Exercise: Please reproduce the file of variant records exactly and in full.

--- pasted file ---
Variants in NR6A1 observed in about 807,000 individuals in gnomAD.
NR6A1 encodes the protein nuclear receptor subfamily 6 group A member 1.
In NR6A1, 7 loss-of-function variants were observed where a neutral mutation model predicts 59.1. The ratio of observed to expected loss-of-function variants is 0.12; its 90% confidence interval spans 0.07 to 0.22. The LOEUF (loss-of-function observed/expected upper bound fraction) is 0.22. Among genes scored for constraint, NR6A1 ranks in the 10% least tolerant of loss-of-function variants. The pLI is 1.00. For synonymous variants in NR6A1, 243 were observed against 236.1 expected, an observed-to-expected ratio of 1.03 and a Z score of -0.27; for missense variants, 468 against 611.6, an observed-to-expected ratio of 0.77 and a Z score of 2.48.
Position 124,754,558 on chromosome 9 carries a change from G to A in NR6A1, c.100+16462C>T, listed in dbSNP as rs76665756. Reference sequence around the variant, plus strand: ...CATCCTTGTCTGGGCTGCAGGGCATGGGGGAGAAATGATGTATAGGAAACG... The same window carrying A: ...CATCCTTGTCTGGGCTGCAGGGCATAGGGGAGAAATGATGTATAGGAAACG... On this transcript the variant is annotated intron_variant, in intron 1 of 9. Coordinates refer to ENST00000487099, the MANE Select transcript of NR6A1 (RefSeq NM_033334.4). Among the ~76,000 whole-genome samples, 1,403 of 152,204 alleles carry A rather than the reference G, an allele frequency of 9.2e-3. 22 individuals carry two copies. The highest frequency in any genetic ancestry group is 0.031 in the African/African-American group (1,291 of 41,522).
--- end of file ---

Variants in NR6A1 observed in about 807,000 individuals in gnomAD.
NR6A1 encodes the protein nuclear receptor subfamily 6 group A member 1.
In NR6A1, 7 loss-of-function variants were observed where a neutral mutation model predicts 59.1. The ratio of observed to expected loss-of-function variants is 0.12; its 90% confidence interval spans 0.07 to 0.22. The LOEUF (loss-of-function observed/expected upper bound fraction) is 0.22. Among genes scored for constraint, NR6A1 ranks in the 10% least tolerant of loss-of-function variants. The pLI is 1.00. For synonymous variants in NR6A1, 243 were observed against 236.1 expected, an observed-to-expected ratio of 1.03 and a Z score of -0.27; for missense variants, 468 against 611.6, an observed-to-expected ratio of 0.77 and a Z score of 2.48.
Position 124,754,558 on chromosome 9 carries a change from G to A in NR6A1, c.100+16462C>T, listed in dbSNP as rs76665756. Reference sequence around the variant, plus strand: ...CATCCTTGTCTGGGCTGCAGGGCATGGGGGAGAAATGATGTATAGGAAACG... The same window carrying A: ...CATCCTTGTCTGGGCTGCAGGGCATAGGGGAGAAATGATGTATAGGAAACG... On this transcript the variant is annotated intron_variant, in intron 1 of 9. Coordinates refer to ENST00000487099, the MANE Select transcript of NR6A1 (RefSeq NM_033334.4). Among the ~76,000 whole-genome samples, 1,403 of 152,204 alleles carry A rather than the reference G, an allele frequency of 9.2e-3. 22 individuals carry two copies. The highest frequency in any genetic ancestry group is 0.031 in the African/African-American group (1,291 of 41,522).